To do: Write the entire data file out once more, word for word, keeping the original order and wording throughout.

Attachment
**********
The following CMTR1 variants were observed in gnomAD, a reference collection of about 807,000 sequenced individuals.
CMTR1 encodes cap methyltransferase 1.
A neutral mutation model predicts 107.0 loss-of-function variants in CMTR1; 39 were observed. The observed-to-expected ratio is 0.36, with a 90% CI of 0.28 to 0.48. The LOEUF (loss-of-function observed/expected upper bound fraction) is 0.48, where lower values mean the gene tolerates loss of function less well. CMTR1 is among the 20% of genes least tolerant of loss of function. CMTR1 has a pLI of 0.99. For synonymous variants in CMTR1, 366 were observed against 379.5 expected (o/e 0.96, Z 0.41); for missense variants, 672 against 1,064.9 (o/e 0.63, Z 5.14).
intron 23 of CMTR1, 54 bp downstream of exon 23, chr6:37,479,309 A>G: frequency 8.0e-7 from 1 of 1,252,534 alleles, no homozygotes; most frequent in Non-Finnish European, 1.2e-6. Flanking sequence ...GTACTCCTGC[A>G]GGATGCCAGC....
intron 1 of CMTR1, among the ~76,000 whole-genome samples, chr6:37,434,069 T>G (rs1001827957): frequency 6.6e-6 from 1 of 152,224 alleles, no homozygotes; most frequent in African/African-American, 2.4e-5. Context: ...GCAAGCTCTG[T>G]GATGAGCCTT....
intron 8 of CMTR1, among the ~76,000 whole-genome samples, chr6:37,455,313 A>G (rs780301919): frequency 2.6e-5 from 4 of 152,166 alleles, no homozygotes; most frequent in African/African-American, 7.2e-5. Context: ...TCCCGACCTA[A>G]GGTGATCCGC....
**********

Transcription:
The following CMTR1 variants were observed in gnomAD, a reference collection of about 807,000 sequenced individuals.
CMTR1 encodes cap methyltransferase 1.
A neutral mutation model predicts 107.0 loss-of-function variants in CMTR1; 39 were observed. The observed-to-expected ratio is 0.36, with a 90% CI of 0.28 to 0.48. The LOEUF (loss-of-function observed/expected upper bound fraction) is 0.48, where lower values mean the gene tolerates loss of function less well. CMTR1 is among the 20% of genes least tolerant of loss of function. CMTR1 has a pLI of 0.99. For synonymous variants in CMTR1, 366 were observed against 379.5 expected (o/e 0.96, Z 0.41); for missense variants, 672 against 1,064.9 (o/e 0.63, Z 5.14).
intron 23 of CMTR1, 54 bp downstream of exon 23, chr6:37,479,309 A>G: frequency 8.0e-7 from 1 of 1,252,534 alleles, no homozygotes; most frequent in Non-Finnish European, 1.2e-6. Flanking sequence ...GTACTCCTGC[A>G]GGATGCCAGC....
intron 1 of CMTR1, among the ~76,000 whole-genome samples, chr6:37,434,069 T>G (rs1001827957): frequency 6.6e-6 from 1 of 152,224 alleles, no homozygotes; most frequent in African/African-American, 2.4e-5. Context: ...GCAAGCTCTG[T>G]GATGAGCCTT....
intron 8 of CMTR1, among the ~76,000 whole-genome samples, chr6:37,455,313 A>G (rs780301919): frequency 2.6e-5 from 4 of 152,166 alleles, no homozygotes; most frequent in African/African-American, 7.2e-5. Context: ...TCCCGACCTA[A>G]GGTGATCCGC....